DALLAS, TX -- The Dallas Stars are stuck in a holding pattern, locked in stasis until the team is finally under new ownership.
Under Tom Hicks the Stars were once one of the big spenders in the NHL and always one of the best revenue-generating teams in the league. With Hicks financial troubles coming to a head over the past few years, the Stars have had to pull back on spending and on payroll. Unfortunately that pull back coincided with a decline in overall performance, leaving the Stars in a very tough place.
Joe Nieuwendyk was sabotaged from the moment he accepted the job as the General Manager last summer. Hand-picked by Hicks in what now appears to be a last-ditch effort in turning the team around on a dime, Nieuwendyk has had to deal with aging veterans, bloated contracts and an incredibly restrictive payroll from the moment he took over for Les Jackson.
Nieuwendyk has had the near-impossible task of driving the team forward in a new direction without the ability to make any big trades or even sign a big-name free agent. Hes attempting to keep the Stars afloat and treading water, while waiting for the internal salary cap restrictions to be lifted, however slightly. His plan from the start was to mold the Stars into a younger, faster and more aggressive team and so far his only true steps in that direction were having the tough task of saying goodbye to a number of fan favorites.
Sergei Zubov, Mike Modano and Marty Turco are now gone, as Nieuwendyk made the decision to move on with younger and cheaper players. Zubov was let go last summer, while this summer Stars fans have had to watch Modano and Turco sign with other teams as free agents. This has certainly turned the fan-base against the GM as the fans see their favorite players depart while the Stars appear to be content on not moving forward. That Jere Lehtinen is likely to retire this summer, as well, will be just as hard to swallow.
So where are the Stars now?
The biggest issue this summer facing Nieuwendyk has been the number of restricted free agents the Stars had, including James Neal and Niklas Grossman, who recently inked a new deal with the team.
There has been a worry all summer long that another team would give an offer for Neal that the Stars couldn't match, especially considering that the team is apparently hard up against their internal $45 million payroll. Nieuwendyk has been confident that Neal, Matt Niskanen and others will be signed, yet he's going to be making a bit of a gamble.
The Stars will be able to sign their RFAs by banking on new ownership raising the budget. There is the widespread belief that either Bill Gallacher or Tom Gaglardi will own the team by opening night and it's highly likely either will be willing to spend money in order to improve the team.
Neal is essential to the future of the Dallas Stars, and Nieuwendyk knows that while he may not have the budget at this moment by the time the contract is in place he will.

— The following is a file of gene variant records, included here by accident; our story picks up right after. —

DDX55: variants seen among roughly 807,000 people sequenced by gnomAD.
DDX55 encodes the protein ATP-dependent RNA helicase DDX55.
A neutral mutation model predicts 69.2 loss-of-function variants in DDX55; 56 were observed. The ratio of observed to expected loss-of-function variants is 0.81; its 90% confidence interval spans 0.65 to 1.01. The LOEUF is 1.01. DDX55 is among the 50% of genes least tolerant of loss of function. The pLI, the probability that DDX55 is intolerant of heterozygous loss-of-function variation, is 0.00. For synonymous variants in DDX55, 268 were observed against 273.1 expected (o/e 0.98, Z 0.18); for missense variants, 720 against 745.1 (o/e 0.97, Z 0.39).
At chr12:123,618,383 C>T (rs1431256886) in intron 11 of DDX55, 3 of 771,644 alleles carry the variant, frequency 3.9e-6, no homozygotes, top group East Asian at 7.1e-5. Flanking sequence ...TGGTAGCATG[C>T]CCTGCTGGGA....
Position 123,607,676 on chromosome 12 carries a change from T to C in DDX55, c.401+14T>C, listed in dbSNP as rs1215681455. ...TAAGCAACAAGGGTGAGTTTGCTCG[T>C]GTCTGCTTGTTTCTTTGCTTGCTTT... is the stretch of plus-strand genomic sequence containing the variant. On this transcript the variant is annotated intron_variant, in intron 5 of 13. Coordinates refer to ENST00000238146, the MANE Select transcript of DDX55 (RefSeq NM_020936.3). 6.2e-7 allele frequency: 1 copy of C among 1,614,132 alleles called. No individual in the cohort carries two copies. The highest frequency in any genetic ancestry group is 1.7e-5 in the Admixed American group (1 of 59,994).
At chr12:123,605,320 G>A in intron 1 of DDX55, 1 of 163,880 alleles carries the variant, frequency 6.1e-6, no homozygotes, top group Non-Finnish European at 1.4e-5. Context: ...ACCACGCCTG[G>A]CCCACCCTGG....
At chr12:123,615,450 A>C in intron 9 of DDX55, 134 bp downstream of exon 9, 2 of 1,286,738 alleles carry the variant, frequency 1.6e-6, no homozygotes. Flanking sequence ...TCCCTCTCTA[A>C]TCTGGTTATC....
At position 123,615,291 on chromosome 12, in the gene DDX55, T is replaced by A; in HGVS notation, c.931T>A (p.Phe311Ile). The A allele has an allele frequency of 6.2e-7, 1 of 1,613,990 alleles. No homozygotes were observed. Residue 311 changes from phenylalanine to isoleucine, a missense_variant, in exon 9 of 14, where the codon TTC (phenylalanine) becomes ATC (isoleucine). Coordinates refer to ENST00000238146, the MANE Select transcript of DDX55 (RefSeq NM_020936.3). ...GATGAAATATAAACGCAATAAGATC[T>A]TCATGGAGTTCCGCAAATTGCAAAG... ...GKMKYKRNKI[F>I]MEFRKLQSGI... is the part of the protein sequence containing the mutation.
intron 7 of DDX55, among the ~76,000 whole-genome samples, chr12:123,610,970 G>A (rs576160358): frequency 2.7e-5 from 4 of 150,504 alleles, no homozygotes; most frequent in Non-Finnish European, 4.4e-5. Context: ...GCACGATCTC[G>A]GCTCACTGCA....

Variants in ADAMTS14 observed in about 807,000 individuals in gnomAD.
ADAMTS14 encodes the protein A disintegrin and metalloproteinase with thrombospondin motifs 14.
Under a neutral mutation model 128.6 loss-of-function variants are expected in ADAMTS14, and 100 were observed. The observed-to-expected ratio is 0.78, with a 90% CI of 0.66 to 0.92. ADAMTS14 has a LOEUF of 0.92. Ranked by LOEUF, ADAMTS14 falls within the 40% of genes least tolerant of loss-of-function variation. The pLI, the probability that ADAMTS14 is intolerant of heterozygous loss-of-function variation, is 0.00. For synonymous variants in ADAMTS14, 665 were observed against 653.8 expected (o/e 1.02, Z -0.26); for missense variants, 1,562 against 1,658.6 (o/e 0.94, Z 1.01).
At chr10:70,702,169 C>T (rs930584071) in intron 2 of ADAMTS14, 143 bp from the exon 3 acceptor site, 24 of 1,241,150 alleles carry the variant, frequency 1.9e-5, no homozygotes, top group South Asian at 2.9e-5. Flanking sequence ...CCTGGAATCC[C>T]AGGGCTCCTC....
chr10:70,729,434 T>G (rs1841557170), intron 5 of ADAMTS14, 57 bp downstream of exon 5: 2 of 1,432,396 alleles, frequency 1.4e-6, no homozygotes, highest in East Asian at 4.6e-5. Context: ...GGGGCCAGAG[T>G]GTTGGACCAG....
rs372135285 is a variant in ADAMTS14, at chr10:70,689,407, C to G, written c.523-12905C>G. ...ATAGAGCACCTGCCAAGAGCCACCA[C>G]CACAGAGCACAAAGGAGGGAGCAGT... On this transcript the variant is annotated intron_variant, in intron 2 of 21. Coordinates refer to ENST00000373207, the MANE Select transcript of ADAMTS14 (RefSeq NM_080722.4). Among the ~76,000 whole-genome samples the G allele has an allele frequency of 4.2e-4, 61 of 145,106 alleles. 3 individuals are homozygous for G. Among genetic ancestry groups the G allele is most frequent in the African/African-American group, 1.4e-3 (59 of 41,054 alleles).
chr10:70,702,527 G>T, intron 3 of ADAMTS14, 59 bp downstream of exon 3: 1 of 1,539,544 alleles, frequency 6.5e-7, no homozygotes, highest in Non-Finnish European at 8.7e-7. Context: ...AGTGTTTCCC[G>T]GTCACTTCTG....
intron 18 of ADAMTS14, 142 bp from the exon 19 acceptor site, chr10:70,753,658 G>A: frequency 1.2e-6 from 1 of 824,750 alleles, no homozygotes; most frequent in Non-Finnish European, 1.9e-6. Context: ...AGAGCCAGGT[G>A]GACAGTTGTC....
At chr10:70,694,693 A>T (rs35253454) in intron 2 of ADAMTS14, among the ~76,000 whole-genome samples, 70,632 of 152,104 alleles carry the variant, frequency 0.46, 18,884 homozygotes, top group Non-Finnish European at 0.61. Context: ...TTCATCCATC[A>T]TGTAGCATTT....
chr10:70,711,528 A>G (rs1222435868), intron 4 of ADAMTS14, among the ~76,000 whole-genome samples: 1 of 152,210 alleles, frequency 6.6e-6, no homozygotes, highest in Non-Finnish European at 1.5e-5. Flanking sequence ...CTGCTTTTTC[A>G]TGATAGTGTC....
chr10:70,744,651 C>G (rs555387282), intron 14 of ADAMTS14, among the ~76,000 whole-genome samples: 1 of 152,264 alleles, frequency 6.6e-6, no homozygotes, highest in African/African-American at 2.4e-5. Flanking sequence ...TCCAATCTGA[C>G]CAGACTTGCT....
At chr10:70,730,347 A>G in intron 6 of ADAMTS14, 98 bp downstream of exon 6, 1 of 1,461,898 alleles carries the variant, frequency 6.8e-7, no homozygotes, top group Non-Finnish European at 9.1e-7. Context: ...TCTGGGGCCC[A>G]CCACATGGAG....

Fortunately, the Stars haven't been in complete stasis this summer and have taken what measures they could in improving the team.
With Turco allowed to leave via free agency, the Stars are moving forward with Kari Lehtonen after signing the Finnish goaltender to a three-year contract. Lehtonen showed at the end of last season he had recovered from his back surgery and that he still had the ability to dominate games. While questions about his durability will always remain there's no doubting that Lehtonen has the ability to be an elite goaltender in the NHL. It's another risk that Nieuwendyk is taking but one that would certainly be worth it if Lehtonen pans out.
With Lehtonen stepping up as the starter and with Turco gone, the Stars will be entering training with a battle on their hands for the backup goaltender position. The Stars signed veteran journeyman Andrew Raycroft to two-way contract and will pit him against AHL veteran Brent Krahn.
Krahn was simply incredible last season for Texas Stars although he once again had to deal with the injuries that have plagued him throughout his career. It should be a great competition throughout the preseason and either option leaves the Stars with more than a capable backup.
Perhaps the most talked about acquisition by the Stars was the surprise signing of Adam Burish. With Steve Ott entrenched on the Stars and Nieuwendyk re-signing Krys Barch, the last thing anyone expected was for the Stars to go and sign another feisty and agitating winger. Yet upon further review it seems that Burish could be just what the Stars need.
He's a right-handed right wing, something the Stars are woefully short on and while he is an agitator he provides the emotion and the edge that was missing from this team last season. It was apparent that Ott can't be the emotional catalyst on his own and at times he's looked to be a conflicted player on the ice. Burish's presence should free Ott up to be more offensively productive without having to worry about being the backbone of the team.
The Stars aren't going to be contenders this coming season, but they won't be basement-dwellers either.
There is hope that in their second season in Marc Crawford's system the Stars will take a step forward and hopefully overcome their shortcomings on defense.
While rumors have swirled all summer regarding a trade involving Mike Ribeiro and a number of big-name defensemen, it's likely that any such move will have to wait until after new ownership is in place.
Nieuwendyk has kept the Stars in position to be able to immediately improve as soon as his budget is increased, even slightly. That he's been able to do so without selling off the main parts of the team while retaining vital assets for the future should be looked upon as encouraging.